A brain imaging study published in the journal Radiology reveals that stimulant drug abuse has long-term effects on brain volume in women. Researchers found that brain structures involved in learning, reward and executive control showed vast changes even after a prolonged period of abstinence from drug use.  

The study, led by Jody Tanabe, MD, professor of radiology, vice chair of Research, and Neuroradiology Section Chief at the University of Colorado Denver School of Medicine, sought to determine how the brains of people previously dependent on stimulants differed from the brains of healthy people. Researchers analysed structural brain magnetic resonance imaging (MRI) exams in 127 men and women.

Participants included 59 people (28 women and 31 men) who were previously dependent on cocaine, amphetamines, and/or methamphetamine for an average of 15.7 years, and 68 healthy people (28 women and 40 men) who were similar in age and gender. The MRI results showed that after an average of 13.5 months of abstinence, women who were previously dependent on stimulants had significantly less grey matter volume in frontal, limbic and temporal regions of the brain. "“These brain areas are important for decision-making, emotion, reward processing and habit formation,” says Dr. Tanabe.

While the women previously dependent on stimulants demonstrated widespread brain differences when compared to their healthy control counterparts, Dr. Tanabe notes that the men showed no significant brain differences.

Dr. Tanabe and her team also examined how these brain volume differences were related to behaviours. They found that lower regional grey matter volumes correlated with behavioural tendencies to seek reward and novelty.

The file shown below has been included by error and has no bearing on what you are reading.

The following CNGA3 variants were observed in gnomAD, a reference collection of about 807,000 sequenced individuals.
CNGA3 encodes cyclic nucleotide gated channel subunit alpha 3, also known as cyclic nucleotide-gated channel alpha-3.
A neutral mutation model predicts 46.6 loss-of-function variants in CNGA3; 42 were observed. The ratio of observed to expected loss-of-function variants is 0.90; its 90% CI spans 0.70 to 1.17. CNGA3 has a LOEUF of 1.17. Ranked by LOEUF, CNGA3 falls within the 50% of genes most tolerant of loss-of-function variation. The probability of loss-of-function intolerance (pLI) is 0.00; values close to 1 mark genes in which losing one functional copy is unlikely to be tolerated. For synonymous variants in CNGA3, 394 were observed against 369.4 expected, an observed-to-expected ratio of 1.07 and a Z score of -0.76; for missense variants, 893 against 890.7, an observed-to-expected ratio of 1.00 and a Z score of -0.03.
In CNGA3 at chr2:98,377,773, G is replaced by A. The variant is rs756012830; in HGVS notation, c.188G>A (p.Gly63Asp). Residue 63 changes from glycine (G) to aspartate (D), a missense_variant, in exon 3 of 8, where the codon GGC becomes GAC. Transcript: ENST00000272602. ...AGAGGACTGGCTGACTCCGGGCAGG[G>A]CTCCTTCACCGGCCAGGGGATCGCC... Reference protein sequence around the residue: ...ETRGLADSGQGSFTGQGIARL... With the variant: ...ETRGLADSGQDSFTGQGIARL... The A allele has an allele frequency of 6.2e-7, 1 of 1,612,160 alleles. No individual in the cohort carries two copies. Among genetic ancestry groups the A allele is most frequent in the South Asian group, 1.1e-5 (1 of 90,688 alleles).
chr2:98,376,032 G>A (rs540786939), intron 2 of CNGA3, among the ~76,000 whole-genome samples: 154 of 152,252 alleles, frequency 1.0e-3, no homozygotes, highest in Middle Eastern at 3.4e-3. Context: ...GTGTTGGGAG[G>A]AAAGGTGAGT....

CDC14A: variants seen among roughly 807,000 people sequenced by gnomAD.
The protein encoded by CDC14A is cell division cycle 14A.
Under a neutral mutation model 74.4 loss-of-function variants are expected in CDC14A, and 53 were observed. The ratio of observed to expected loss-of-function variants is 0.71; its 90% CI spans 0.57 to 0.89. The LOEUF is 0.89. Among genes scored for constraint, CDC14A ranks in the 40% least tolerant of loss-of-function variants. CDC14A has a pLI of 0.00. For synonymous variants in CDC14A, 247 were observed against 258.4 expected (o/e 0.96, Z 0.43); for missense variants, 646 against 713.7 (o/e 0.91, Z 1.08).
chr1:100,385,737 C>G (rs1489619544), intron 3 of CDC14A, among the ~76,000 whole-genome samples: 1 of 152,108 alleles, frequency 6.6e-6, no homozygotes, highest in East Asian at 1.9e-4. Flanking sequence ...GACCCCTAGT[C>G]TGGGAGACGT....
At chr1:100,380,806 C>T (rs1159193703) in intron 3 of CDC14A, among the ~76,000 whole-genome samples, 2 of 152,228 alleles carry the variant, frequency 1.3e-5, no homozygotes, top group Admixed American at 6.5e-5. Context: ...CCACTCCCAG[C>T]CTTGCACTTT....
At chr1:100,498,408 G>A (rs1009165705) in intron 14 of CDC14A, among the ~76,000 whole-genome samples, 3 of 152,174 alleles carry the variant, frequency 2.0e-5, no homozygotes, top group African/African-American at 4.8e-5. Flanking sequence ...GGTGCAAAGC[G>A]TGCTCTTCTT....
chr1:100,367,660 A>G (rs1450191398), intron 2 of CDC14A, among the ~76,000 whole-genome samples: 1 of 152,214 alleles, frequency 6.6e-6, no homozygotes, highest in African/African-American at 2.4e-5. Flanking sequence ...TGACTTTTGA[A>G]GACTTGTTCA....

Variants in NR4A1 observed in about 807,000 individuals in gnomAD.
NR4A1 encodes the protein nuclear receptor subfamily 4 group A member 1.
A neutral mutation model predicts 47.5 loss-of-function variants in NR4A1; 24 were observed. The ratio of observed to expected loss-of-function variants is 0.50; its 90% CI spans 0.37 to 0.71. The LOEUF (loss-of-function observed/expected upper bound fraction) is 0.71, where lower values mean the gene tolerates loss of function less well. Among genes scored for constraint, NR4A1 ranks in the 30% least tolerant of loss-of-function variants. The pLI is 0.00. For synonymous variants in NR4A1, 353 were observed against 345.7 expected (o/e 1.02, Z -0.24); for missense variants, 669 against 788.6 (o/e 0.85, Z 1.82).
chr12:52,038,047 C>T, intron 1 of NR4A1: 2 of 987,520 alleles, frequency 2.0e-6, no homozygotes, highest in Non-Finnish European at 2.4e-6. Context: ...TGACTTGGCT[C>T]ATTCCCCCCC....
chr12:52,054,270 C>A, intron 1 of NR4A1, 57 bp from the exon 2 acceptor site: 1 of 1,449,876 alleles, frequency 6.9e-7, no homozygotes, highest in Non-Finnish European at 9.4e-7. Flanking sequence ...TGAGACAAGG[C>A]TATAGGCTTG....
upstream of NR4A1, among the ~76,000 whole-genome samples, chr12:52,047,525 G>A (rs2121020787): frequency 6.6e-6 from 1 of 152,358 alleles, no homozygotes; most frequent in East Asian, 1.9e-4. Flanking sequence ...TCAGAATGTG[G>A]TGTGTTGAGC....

“Lower grey matter volumes in women who had been stimulant dependent were associated with more impulsivity, greater behavioural approach to reward, and also more severe drug use,” Dr. Tanabe explains. “In contrast, all men and healthy women did not show such correlations.”

The findings may provide a clue to the biological processes underlying the clinical course of stimulant abuse in men and women, according to Dr. Tanabe.
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Top image. T1-weighted MR imaging examination of the brain with superimposed population-level T-value map shows significantly greater regional grey matter volume in female control subjects compared with male control subjects, after correction for age, brain size, and years of education.

Figure 1. T1-weighted MR imaging brain map (left) including coronal (top) and axial (bottom) section images shows significantly negative correlations at whole-brain level between stimulant dependence symptom count and grey matter volume in the bilateral nucleus accumbens in a patient with stimulant dependence. Scatterplot (right) shows negative correlation between substance dependence symptom count and total volume of nucleus accumbens defined according to region of interest.

Source and image credit: RSNA

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healthmanagement, brain, grey matter, drug abuse, MRI, behaviours A brain imaging study published in the journal Radiology reveals that stimulant drug abuse has long-term effects on brain volume in women.